Clinical Orthopaedics and Related Research ®

A Publication of The Association of Bone and Joint Surgeons ®

Basic Research 171 articles

Articles

Emerging Ideas: Soft Tissue Applications of Radiostereometric Analysis

Lucian B. Solomon MD, PhD, FRACS, Stuart A. Callary BAppSc

Currently, the movement that occurs at the site of soft tissue repair cannot be measured accurately in vivo. Radiostereometric analysis (RSA) is the gold standard for measuring movement between two skeletal segments in vivo but its application to studying soft tissue migration has been limited by the unknown stability of tantalum beads in tendons and ligaments and their ability to define rigid bodies in these structures.

The Accuracy of Digital Radiography in Orthopaedic Applications

John R. Fowler MD, Asif M. Ilyas MD

Recent advances in technology and the use of image archiving and communication systems (PACS) has led some institutions to abandon conventional plain film radiography and rely solely on digital computed radiography. The level of accuracy of digital radiography in measuring distances for orthopaedic applications is unclear.

Osteogenic Protein-1 Delivered by Hydroxyapatite-coated Implants Improves Bone Ingrowth in Extracortical Bone Bridging

Neil Saran MD, FRCSC, Renwen Zhang MD, PhD, Robert E. Turcotte MD, FRCSC

Extracortical bone bridging for treatment of massive bone loss can improve stability and longevity of massive endoprostheses. Osteogenic protein-1 (OP-1), when used with allograft bone, reportedly improves extracortical bone bridging and bone ingrowth.

Shed Blood-derived Cells from Total Hip Arthroplasty Have Osteoinductive Potential: A Pilot Study

Tomokazu Yoshida MD, Masakazu Ishikawa MD, PhD, Yuji Yasunaga MD, PhD, Takuma Yamasaki MD, PhD, Mitsuo Ochi MD, PhD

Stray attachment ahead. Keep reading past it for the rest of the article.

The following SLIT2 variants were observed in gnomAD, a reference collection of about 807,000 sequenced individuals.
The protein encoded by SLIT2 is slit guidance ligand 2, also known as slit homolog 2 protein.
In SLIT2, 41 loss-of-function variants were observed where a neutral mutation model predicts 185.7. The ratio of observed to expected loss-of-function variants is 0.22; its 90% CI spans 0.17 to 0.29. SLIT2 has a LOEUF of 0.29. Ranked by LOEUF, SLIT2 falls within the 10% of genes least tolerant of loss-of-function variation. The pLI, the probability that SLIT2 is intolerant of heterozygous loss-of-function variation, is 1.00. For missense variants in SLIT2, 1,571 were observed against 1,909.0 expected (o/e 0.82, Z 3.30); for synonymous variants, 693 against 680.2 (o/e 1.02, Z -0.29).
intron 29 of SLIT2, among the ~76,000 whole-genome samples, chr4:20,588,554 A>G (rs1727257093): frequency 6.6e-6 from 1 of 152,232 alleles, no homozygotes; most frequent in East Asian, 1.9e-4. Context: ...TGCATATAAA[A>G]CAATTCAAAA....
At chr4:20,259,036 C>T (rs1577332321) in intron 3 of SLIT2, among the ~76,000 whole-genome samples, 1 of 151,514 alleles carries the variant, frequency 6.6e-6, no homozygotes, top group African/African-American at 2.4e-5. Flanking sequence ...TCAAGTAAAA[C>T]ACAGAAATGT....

Cell therapy using autologous cells has been used in the treatment of various medical conditions. The mononuclear cell (MNC) fraction of bone marrow (BM) contains stem/progenitor cells that could contribute to osteogenesis and angiogenesis.

In Vivo and In Vitro Analysis of Rat Lumbar Spine Mechanics

Matthew E. Cunningham MD, PhD, Jocelyn M. Beach BS, Serkan Bilgic MD, Oheneba Boachie-Adjei MD, Marjolein C. H. Meulen PhD, Chisa Hidaka MD

Rodent lumbar and caudal (tail) spine segments provide useful in vivo and in vitro models for human disc research. In vivo caudal models allow characterization of the effect of static and dynamic loads on disc mechanics of individual animals with time, but the lumbar models have required sacrifice of the animals for in vitro mechanical testing.

2010 Nicolas Andry Award: Multipotent Adult Stem Cells from Adipose Tissue for Musculoskeletal Tissue Engineering

Farshid Guilak, Bradley T. Estes, Brian O. Diekman, Franklin T. Moutos, Jeffrey M. Gimble

Cell-based therapies such as tissue engineering provide promising therapeutic possibilities to enhance the repair or regeneration of damaged or diseased tissues but are dependent on the availability and controlled manipulation of appropriate cell sources.

Effects of Pulsed Electromagnetic Fields on Human Osteoblastlike Cells (MG-63): A Pilot Study

Vincenzo Sollazzo MD, Annalisa Palmieri PhD, Furio Pezzetti PhD, Leo Massari MD, Francesco Carinci MD

Although pulsed electromagnetic fields (PEMFs) are used to treat delayed unions and nonunions, their mechanisms of action are not completely clear. However, PEMFs are known to affect the expression of certain genes.

Calcium Phosphate Cement with BMP-2-loaded Gelatin Microspheres Enhances Bone Healing in Osteoporosis: A Pilot Study

Meng Li MD, Xingyan Liu MD, Xudong Liu MD, Baofeng Ge MD

The capacity for bone healing reportedly is limited in osteoporosis with a less than ideal environment for healing of bone grafts. We therefore developed a composite bone substitute with rhBMP-2 loaded gelatin microsphere (GM) and calcium phosphate cement (CPC) to use in osteoporosis.

Maggot Excretions Inhibit Biofilm Formation on Biomaterials

Gwendolyn Cazander MD, Mariƫlle C. Veerdonk, Christina M. J. E. Vandenbroucke-Grauls MD, PhD, Marco W. J. Schreurs PhD, Gerrolt N. Jukema MD, PhD

Biofilm-associated infections in trauma surgery are difficult to treat with conventional therapies. Therefore, it is important to develop new treatment modalities. Maggots in captured bags, which are permeable for larval excretions/secretions, aid in healing severe, infected wounds, suspect for biofilm formation. Therefore we presumed maggot excretions/secretions would reduce biofilm formation.